Loading ...
Sorry, an error occurred while loading the content.

RE: "lost connection with domain while sending end of data -- message may be sent more than once"

Expand Messages
  • Hargis, Mandy
    ... times out before the remote server responds to . That is what appears to be happening. The recipient definitely gets the message (multiple times). ...
    Message 1 of 10 , May 1, 2007
    • 0 Attachment
      >So messages arrive at the remote site, but the Postfix SMTP client
      times out before the remote server responds to "."

      That is what appears to be happening. The recipient definitely gets the
      message (multiple times).

      >What is the output from:
      >postconf | grep smtp_data_

      smtp_data_done_timeout = 600s
      smtp_data_init_timeout = 120s
      smtp_data_xfer_timeout = 180s

      >Is the timeout problem message size dependent?
      No, many messages are smaller than 8k in size.

      >How many of those messages are you sending in parallel?
      One message/recipient.

      Thanks,
      Mandy
    • Wietse Venema
      ... So the remote server does not respond to . in 600s. Are you perhaps behind a NAT gateway? This may expire the connection from its tables too early. Such
      Message 2 of 10 , May 1, 2007
      • 0 Attachment
        Hargis, Mandy:
        >
        > >So messages arrive at the remote site, but the Postfix SMTP client
        > times out before the remote server responds to "."
        >
        > That is what appears to be happening. The recipient definitely gets the
        > message (multiple times).
        >
        > >What is the output from:
        > >postconf | grep smtp_data_
        >
        > smtp_data_done_timeout = 600s
        > smtp_data_init_timeout = 120s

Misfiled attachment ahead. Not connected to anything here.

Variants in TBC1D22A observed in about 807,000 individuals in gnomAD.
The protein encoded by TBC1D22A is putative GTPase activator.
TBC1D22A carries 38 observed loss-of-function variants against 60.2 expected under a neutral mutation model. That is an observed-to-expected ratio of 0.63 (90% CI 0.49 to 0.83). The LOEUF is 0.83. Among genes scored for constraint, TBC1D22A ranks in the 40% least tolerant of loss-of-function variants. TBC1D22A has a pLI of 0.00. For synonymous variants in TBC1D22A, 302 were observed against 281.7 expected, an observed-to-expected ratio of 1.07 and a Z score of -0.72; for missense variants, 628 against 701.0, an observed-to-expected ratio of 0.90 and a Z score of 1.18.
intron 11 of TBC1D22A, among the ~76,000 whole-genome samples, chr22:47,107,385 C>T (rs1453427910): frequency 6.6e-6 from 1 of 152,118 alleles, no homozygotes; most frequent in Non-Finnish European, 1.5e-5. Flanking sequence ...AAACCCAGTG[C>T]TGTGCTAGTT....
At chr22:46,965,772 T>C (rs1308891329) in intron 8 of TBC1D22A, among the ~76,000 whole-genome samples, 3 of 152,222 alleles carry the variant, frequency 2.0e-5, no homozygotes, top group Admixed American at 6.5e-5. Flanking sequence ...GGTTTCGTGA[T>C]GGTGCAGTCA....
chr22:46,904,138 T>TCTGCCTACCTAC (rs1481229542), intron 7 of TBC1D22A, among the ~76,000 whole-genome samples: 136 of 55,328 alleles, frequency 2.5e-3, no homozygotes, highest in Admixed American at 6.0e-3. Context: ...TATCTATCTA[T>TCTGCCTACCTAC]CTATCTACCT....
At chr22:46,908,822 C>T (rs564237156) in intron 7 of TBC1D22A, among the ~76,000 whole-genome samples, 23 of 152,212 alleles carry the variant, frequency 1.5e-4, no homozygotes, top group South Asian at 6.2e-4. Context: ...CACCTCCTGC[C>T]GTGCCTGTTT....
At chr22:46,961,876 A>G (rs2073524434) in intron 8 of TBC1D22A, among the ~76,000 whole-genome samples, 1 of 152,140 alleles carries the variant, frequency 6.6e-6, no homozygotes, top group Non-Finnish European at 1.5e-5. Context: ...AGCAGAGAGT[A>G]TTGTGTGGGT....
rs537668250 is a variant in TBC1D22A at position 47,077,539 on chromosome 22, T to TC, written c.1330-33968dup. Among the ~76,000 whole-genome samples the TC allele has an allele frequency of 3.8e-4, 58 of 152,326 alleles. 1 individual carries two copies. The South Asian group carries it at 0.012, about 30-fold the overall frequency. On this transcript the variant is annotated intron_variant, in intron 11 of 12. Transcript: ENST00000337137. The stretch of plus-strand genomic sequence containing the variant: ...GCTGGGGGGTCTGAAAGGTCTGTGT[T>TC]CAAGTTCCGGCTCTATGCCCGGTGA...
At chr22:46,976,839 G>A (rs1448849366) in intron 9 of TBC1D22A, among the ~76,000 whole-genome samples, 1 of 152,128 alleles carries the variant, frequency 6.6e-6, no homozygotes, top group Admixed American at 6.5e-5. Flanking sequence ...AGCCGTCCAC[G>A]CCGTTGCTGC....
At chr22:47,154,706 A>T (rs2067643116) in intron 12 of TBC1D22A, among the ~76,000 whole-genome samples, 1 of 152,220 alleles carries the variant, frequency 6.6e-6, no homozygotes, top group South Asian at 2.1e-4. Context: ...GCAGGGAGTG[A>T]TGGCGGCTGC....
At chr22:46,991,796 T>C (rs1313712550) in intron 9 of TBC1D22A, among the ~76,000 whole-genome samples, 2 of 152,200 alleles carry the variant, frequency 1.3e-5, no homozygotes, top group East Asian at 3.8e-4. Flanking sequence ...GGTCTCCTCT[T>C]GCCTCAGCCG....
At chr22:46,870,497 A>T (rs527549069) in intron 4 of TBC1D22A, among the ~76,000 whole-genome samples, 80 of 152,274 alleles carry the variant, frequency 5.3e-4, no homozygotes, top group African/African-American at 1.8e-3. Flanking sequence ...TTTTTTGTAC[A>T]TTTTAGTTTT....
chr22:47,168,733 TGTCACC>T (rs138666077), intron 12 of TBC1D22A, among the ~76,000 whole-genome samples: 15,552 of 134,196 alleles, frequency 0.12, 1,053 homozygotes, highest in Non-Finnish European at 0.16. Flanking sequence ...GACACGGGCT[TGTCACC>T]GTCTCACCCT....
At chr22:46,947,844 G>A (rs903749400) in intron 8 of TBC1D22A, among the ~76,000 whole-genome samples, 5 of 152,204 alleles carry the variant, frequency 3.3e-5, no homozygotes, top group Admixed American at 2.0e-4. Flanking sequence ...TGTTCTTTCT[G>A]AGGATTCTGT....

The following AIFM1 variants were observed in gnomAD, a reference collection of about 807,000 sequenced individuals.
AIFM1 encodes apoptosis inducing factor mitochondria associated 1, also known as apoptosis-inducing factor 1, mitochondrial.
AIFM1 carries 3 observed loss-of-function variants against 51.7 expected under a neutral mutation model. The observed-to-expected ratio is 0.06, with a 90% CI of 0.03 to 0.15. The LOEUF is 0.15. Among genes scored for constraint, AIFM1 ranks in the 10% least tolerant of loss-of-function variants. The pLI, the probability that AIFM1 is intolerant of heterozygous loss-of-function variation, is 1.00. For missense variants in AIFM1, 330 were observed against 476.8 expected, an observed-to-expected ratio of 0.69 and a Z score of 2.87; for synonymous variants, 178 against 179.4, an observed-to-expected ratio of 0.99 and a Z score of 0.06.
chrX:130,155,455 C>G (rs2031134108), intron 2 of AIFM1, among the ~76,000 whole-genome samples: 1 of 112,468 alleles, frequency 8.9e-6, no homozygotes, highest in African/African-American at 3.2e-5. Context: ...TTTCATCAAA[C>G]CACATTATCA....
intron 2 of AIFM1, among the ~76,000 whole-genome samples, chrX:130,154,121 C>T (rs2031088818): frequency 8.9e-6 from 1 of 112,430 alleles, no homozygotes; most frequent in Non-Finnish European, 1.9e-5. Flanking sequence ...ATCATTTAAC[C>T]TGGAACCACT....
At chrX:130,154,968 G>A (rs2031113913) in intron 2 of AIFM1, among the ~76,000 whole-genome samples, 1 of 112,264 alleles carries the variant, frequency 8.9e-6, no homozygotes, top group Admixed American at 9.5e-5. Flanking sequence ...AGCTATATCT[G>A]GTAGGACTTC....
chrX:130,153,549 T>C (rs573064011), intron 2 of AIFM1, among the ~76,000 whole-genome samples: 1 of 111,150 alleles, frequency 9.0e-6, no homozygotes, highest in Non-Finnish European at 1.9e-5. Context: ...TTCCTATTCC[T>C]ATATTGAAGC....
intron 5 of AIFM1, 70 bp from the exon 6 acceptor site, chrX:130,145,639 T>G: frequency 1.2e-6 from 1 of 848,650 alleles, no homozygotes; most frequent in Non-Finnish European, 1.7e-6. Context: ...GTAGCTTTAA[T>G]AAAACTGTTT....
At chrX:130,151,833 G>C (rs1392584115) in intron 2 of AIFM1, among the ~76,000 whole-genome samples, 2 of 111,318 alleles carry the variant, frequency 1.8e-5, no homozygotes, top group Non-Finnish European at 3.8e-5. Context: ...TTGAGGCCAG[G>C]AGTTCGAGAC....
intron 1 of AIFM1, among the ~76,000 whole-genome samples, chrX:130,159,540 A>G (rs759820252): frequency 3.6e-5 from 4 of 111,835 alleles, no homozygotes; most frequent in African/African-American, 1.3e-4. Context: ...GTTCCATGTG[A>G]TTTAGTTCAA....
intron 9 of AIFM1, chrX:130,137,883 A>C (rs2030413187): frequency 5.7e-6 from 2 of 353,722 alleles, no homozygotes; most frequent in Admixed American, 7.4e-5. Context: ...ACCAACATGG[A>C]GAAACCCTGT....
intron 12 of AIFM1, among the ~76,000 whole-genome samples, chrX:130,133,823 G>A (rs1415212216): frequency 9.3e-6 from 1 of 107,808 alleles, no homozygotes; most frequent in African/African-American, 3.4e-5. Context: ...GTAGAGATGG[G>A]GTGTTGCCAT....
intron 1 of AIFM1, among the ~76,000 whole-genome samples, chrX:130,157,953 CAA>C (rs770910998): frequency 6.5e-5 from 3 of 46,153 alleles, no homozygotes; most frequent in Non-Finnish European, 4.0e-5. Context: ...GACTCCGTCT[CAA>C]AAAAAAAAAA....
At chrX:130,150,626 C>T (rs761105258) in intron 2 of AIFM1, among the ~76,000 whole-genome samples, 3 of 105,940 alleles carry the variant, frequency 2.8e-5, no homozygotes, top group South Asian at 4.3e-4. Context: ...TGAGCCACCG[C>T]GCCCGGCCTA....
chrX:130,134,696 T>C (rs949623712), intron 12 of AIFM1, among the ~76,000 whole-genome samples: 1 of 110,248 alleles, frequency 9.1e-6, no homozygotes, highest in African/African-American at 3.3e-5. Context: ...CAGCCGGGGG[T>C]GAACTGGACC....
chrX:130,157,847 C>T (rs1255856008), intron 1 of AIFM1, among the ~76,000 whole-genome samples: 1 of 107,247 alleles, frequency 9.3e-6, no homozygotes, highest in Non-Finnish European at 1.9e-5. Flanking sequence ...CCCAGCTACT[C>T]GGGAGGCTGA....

> smtp_data_xfer_timeout = 180s

        So the remote server does not respond to "." in 600s.

        Are you perhaps behind a NAT gateway? This may expire the connection
        from its tables too early. Such boxes tend to be optimized for
        short-lived http connections which is bad for email.

        Is the remote SMTP server behind a NAT gateway?

        In either case, it may help to turn on keep-alives.,
        For example, in FreeBSD:

        sysctl -w net.inet.tcp.keepidle=100000

        This is currently not built into Postfix.

        > >Is the timeout problem message size dependent?
        > No, many messages are smaller than 8k in size.

        Are there large messages that DON'T fail?

        > >How many of those messages are you sending in parallel?
        > One message/recipient.

        How many EMAIL MESSAGES are you sending in parallel?

        Wietse
      • Wietse Venema
        ... Linux specifies the interval in seconds: sysctl -w net.ipv4.tcp_keepalive_time=100 Solaris specifies it in milliseconds, like *BSD: ndd -set /dev/tcp
        Message 3 of 10 , May 1, 2007
        • 0 Attachment
          Wietse Venema:
          > Are you perhaps behind a NAT gateway? This may expire the connection
          > from its tables too early. Such boxes tend to be optimized for
          > short-lived http connections which is bad for email.
          >
          > Is the remote SMTP server behind a NAT gateway?
          >
          > In either case, it may help to turn on keep-alives.,
          > For example, in FreeBSD:
          >
          > sysctl -w net.inet.tcp.keepidle=100000

          Linux specifies the interval in seconds:

          sysctl -w net.ipv4.tcp_keepalive_time=100

          Solaris specifies it in milliseconds, like *BSD:

          ndd -set /dev/tcp tcp_keepalive_interval 100000